100 dead after bomb rips through Pakistani market
People gather at the site of a car bomb explosion at a market in Peshawar, Pakistan on Wednesday, Oct. 28, 2009. (AP / Mohammad Sajjad)
Just hours after U.S. Secretary of State Hillary Clinton arrived in Pakistan on her first diplomatic mission there, a car bomb ripped through a crowded market killing 100 people.
The powerful blast in the city of Peshawar in northwestern Pakistan also wounded more than 200 people.
The attack targeted a large market that sells products mostly geared to women, and it is believed that most of the victims were female.
Dozens of shops were set on fire by the blast, some buildings collapsed and a massive cloud of grey smoke floated over the city.
At the scene of the attack there was chaos as the wounded struggled in the debris and wreckage from the blast, and others tried to pull survivors from the twisted wreckage of buildings and shops.
The Pakistan government blamed militants for the attack, saying it was likely meant as revenge for a recent army offensive against al Qaeda and the Taliban close to the Afghan border.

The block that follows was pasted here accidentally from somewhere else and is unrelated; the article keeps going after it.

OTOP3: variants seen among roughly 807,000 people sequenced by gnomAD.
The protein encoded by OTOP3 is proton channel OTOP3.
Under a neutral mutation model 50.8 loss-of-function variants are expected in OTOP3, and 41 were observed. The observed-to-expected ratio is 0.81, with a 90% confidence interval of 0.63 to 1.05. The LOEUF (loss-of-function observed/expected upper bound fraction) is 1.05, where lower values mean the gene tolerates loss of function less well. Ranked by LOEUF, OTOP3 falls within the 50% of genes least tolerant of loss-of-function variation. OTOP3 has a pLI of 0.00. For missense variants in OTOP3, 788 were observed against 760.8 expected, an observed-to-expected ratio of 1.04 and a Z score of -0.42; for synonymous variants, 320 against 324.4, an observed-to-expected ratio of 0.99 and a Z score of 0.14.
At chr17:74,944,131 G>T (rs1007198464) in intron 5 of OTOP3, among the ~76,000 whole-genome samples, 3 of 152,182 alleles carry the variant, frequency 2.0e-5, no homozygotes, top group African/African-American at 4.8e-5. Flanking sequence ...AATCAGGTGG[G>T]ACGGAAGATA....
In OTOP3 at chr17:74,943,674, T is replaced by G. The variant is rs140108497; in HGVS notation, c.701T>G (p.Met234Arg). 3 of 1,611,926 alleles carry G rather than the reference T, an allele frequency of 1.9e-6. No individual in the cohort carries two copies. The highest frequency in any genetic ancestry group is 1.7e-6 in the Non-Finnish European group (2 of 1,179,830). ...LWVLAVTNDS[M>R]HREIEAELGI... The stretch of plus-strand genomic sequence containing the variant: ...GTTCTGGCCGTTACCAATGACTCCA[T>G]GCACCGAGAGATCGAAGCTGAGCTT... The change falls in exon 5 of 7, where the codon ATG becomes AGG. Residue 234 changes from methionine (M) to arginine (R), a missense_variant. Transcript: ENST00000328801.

The attack occurred just a few hours drive from the capital, Islamabad, where Clinton was visiting in a demonstration of U.S. support for Pakistan's anti-militant campaign.
She told reporters that Pakistan is on the right track in its efforts to combat extremist Islamic militants, and said Pakistan and the U.S. are entering a new era of positive relations.
No group has claimed responsibility for the attack.
Peshawar has seen its share of violence in recent days. This month alone, three bombs have claimed scores of lives -- including one that killed 50 people.
Country-wide, more than 10 attacks have left 250 people dead.